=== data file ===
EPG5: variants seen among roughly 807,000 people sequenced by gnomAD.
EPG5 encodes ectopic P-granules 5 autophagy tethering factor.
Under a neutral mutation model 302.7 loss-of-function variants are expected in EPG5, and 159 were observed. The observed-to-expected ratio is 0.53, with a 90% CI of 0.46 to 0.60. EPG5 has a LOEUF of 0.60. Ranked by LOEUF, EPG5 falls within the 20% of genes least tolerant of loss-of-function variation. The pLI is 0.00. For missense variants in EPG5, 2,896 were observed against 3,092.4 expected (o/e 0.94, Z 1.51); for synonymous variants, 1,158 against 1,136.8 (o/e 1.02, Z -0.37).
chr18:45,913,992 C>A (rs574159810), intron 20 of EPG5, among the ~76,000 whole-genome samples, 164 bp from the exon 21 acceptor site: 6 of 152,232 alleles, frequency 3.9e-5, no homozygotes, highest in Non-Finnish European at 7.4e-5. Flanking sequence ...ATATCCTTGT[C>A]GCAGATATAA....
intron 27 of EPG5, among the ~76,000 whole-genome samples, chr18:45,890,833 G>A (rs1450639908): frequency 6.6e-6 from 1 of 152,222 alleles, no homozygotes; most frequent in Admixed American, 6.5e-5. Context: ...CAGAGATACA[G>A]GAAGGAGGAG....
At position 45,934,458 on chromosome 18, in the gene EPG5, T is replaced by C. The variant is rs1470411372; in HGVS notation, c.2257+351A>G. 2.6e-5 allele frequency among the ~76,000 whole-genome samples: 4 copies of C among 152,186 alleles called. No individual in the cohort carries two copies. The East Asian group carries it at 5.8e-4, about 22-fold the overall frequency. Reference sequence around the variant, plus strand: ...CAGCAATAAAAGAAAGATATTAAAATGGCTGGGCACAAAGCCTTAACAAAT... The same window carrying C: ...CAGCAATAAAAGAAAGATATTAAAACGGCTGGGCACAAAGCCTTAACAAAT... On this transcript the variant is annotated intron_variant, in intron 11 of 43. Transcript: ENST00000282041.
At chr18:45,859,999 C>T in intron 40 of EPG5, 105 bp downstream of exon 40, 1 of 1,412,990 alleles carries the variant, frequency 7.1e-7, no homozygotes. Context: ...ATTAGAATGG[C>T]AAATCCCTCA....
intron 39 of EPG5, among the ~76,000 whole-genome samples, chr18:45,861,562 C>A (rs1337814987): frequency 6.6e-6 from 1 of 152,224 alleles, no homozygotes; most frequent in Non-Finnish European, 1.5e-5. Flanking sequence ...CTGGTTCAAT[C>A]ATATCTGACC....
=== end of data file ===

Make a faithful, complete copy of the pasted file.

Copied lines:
EPG5: variants seen among roughly 807,000 people sequenced by gnomAD.
EPG5 encodes ectopic P-granules 5 autophagy tethering factor.
Under a neutral mutation model 302.7 loss-of-function variants are expected in EPG5, and 159 were observed. The observed-to-expected ratio is 0.53, with a 90% CI of 0.46 to 0.60. EPG5 has a LOEUF of 0.60. Ranked by LOEUF, EPG5 falls within the 20% of genes least tolerant of loss-of-function variation. The pLI is 0.00. For missense variants in EPG5, 2,896 were observed against 3,092.4 expected (o/e 0.94, Z 1.51); for synonymous variants, 1,158 against 1,136.8 (o/e 1.02, Z -0.37).
chr18:45,913,992 C>A (rs574159810), intron 20 of EPG5, among the ~76,000 whole-genome samples, 164 bp from the exon 21 acceptor site: 6 of 152,232 alleles, frequency 3.9e-5, no homozygotes, highest in Non-Finnish European at 7.4e-5. Flanking sequence ...ATATCCTTGT[C>A]GCAGATATAA....
intron 27 of EPG5, among the ~76,000 whole-genome samples, chr18:45,890,833 G>A (rs1450639908): frequency 6.6e-6 from 1 of 152,222 alleles, no homozygotes; most frequent in Admixed American, 6.5e-5. Context: ...CAGAGATACA[G>A]GAAGGAGGAG....
At position 45,934,458 on chromosome 18, in the gene EPG5, T is replaced by C. The variant is rs1470411372; in HGVS notation, c.2257+351A>G. 2.6e-5 allele frequency among the ~76,000 whole-genome samples: 4 copies of C among 152,186 alleles called. No individual in the cohort carries two copies. The East Asian group carries it at 5.8e-4, about 22-fold the overall frequency. Reference sequence around the variant, plus strand: ...CAGCAATAAAAGAAAGATATTAAAATGGCTGGGCACAAAGCCTTAACAAAT... The same window carrying C: ...CAGCAATAAAAGAAAGATATTAAAACGGCTGGGCACAAAGCCTTAACAAAT... On this transcript the variant is annotated intron_variant, in intron 11 of 43. Transcript: ENST00000282041.
At chr18:45,859,999 C>T in intron 40 of EPG5, 105 bp downstream of exon 40, 1 of 1,412,990 alleles carries the variant, frequency 7.1e-7, no homozygotes. Context: ...ATTAGAATGG[C>T]AAATCCCTCA....
intron 39 of EPG5, among the ~76,000 whole-genome samples, chr18:45,861,562 C>A (rs1337814987): frequency 6.6e-6 from 1 of 152,224 alleles, no homozygotes; most frequent in Non-Finnish European, 1.5e-5. Flanking sequence ...CTGGTTCAAT[C>A]ATATCTGACC....